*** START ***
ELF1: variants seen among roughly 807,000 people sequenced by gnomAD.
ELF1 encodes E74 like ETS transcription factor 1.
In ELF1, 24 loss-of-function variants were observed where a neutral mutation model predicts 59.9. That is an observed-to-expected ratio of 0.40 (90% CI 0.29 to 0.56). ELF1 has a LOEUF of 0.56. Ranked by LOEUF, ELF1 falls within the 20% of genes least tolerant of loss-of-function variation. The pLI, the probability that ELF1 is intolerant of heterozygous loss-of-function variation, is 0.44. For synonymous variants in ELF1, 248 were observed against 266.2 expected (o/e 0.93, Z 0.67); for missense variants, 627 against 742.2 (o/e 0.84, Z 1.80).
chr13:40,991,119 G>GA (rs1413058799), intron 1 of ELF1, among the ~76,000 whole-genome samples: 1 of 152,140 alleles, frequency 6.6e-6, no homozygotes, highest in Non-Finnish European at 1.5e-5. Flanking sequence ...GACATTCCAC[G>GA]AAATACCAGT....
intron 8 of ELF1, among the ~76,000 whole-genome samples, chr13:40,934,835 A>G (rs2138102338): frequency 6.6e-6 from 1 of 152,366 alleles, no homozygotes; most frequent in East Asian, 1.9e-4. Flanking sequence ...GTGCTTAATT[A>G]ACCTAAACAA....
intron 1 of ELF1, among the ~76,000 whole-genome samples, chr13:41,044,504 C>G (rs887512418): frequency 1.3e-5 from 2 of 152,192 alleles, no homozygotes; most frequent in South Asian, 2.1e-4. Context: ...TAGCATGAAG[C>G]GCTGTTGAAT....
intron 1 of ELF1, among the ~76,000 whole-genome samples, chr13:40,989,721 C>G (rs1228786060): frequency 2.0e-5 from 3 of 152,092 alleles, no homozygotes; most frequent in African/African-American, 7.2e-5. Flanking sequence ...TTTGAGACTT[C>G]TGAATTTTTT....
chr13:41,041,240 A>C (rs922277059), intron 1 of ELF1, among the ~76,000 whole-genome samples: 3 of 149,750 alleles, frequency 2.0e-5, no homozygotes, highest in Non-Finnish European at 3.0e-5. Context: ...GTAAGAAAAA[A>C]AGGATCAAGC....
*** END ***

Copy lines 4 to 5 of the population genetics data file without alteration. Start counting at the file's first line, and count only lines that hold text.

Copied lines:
chr13:40,991,119 G>GA (rs1413058799), intron 1 of ELF1, among the ~76,000 whole-genome samples: 1 of 152,140 alleles, frequency 6.6e-6, no homozygotes, highest in Non-Finnish European at 1.5e-5. Flanking sequence ...GACATTCCAC[G>GA]AAATACCAGT....
intron 8 of ELF1, among the ~76,000 whole-genome samples, chr13:40,934,835 A>G (rs2138102338): frequency 6.6e-6 from 1 of 152,366 alleles, no homozygotes; most frequent in East Asian, 1.9e-4. Flanking sequence ...GTGCTTAATT[A>G]ACCTAAACAA....